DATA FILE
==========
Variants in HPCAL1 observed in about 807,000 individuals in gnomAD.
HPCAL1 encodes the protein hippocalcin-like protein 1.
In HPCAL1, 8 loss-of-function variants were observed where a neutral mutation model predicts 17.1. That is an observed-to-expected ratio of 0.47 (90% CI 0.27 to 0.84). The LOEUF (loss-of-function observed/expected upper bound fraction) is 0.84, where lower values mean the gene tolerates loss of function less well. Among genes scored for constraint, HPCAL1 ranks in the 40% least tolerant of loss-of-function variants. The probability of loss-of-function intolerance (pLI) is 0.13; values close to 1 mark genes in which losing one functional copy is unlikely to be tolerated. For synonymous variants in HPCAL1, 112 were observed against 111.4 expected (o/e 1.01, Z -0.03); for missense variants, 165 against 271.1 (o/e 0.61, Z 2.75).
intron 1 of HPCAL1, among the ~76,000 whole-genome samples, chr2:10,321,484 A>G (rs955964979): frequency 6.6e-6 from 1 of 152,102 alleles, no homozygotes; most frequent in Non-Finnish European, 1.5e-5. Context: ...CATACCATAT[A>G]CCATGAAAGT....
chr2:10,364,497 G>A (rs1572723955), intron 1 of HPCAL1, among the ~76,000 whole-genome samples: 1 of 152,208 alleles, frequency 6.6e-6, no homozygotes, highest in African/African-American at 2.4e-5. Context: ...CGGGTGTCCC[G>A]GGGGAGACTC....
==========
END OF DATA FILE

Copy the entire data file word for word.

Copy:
Variants in HPCAL1 observed in about 807,000 individuals in gnomAD.
HPCAL1 encodes the protein hippocalcin-like protein 1.
In HPCAL1, 8 loss-of-function variants were observed where a neutral mutation model predicts 17.1. That is an observed-to-expected ratio of 0.47 (90% CI 0.27 to 0.84). The LOEUF (loss-of-function observed/expected upper bound fraction) is 0.84, where lower values mean the gene tolerates loss of function less well. Among genes scored for constraint, HPCAL1 ranks in the 40% least tolerant of loss-of-function variants. The probability of loss-of-function intolerance (pLI) is 0.13; values close to 1 mark genes in which losing one functional copy is unlikely to be tolerated. For synonymous variants in HPCAL1, 112 were observed against 111.4 expected (o/e 1.01, Z -0.03); for missense variants, 165 against 271.1 (o/e 0.61, Z 2.75).
intron 1 of HPCAL1, among the ~76,000 whole-genome samples, chr2:10,321,484 A>G (rs955964979): frequency 6.6e-6 from 1 of 152,102 alleles, no homozygotes; most frequent in Non-Finnish European, 1.5e-5. Context: ...CATACCATAT[A>G]CCATGAAAGT....
chr2:10,364,497 G>A (rs1572723955), intron 1 of HPCAL1, among the ~76,000 whole-genome samples: 1 of 152,208 alleles, frequency 6.6e-6, no homozygotes, highest in African/African-American at 2.4e-5. Context: ...CGGGTGTCCC[G>A]GGGGAGACTC....